Take a minute and think about what most students are electing to write about in a medical school personal statement. 5ꯠ times, a medical school admissions committee member sees: "I want to be a doctor," "I want to help people," "I have wanted to be a doctor for a long time." To an experienced admissions committee member, these cliched reasons say, "I know I want to be a doctor but I don't really know how to express why I want to do it. I don't have specifics, clear motivation. I don't have a specific orientation. I just want to do it." To write a medical school essay that's great, you've got to transcend generalities like that in order to be persuasive. Because if you don't, what's going to happen is your reader is going to say, "I've read this medical school personal essay a million times before."And although it's a nice medical personal statement, it has nothing new, nothing unique to you. It causes your reader, the person who's going to determine whether or not you get an interview, to look at other aspects of your application to try and get some sense as to who you are. And that is going to be experiences, it's going to be grades, it's going to be MCAT score. Your reader, the committee member, is really going to be stuck, struggling to figure out why you're applying.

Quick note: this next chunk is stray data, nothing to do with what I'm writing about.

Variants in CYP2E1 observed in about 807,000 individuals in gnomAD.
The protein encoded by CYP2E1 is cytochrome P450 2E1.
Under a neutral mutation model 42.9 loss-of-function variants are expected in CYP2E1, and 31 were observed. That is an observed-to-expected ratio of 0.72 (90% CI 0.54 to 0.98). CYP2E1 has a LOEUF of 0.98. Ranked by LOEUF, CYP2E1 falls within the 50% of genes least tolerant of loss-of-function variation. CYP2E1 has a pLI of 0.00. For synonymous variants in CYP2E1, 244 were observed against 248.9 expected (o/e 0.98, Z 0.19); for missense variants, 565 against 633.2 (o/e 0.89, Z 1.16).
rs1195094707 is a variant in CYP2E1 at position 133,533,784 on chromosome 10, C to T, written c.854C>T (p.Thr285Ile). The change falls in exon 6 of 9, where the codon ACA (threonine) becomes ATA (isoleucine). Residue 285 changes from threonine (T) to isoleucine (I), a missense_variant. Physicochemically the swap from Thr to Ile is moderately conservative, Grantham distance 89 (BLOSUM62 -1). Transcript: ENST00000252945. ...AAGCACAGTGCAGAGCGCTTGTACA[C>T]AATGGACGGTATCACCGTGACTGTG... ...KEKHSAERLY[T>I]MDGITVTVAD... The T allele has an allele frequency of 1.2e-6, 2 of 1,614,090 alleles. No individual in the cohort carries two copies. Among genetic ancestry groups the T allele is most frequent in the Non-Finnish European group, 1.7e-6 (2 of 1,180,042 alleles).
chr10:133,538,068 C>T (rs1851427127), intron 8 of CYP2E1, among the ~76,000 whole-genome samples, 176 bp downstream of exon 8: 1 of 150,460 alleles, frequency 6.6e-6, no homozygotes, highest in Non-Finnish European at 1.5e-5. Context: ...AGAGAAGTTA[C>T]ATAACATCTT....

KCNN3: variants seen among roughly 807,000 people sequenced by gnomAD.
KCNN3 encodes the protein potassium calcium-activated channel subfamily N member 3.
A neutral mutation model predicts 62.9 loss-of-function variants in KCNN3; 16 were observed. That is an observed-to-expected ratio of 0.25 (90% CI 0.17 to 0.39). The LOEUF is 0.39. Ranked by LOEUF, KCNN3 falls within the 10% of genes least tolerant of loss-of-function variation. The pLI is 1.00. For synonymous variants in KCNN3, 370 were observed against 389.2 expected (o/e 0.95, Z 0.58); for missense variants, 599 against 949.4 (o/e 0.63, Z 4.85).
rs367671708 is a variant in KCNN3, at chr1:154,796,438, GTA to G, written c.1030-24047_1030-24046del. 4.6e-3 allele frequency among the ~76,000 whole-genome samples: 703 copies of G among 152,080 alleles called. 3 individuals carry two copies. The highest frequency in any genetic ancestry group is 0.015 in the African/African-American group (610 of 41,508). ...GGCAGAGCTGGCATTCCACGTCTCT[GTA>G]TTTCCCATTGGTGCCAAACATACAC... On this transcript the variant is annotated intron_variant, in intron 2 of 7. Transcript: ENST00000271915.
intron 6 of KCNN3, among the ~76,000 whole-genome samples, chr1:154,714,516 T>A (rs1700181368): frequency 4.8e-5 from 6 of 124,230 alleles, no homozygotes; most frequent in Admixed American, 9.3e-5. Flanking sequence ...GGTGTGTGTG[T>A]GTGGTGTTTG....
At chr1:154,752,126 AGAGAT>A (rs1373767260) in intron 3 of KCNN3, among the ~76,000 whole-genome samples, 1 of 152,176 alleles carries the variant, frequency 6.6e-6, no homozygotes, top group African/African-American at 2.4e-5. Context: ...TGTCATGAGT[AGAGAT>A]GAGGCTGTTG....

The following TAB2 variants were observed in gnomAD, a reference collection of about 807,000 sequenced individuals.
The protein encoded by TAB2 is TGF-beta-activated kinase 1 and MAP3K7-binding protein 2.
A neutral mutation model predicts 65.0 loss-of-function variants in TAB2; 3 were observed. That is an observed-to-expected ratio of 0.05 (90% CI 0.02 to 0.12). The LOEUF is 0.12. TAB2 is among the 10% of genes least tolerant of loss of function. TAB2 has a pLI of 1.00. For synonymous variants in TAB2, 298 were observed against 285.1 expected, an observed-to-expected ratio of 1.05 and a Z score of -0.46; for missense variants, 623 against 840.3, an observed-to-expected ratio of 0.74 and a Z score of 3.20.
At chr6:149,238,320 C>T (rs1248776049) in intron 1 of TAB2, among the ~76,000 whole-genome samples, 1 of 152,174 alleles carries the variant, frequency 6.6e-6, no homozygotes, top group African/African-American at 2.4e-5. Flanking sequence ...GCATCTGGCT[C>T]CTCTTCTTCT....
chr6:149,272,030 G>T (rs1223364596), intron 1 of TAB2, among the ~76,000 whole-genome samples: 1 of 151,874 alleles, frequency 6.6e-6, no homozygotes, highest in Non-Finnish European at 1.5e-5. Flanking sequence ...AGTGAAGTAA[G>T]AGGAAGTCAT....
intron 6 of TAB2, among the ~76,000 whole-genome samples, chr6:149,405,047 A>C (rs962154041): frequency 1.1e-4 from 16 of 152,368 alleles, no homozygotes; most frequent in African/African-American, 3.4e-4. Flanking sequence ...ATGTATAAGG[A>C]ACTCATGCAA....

The reader of your medical school application is expecting a degree of proof and really wants to know how you know. It's not enough for you to say you want to help people. How do you know what you want to do in medicine, what have you done that leads you to know that? How to write your medical school personal statement: Persuasion The most persuasive way to answer this question is by sharing experiential knowledge. You would say to an admissions official in conversation, "I know because I've done it. That's how I know. And I can give a specific story."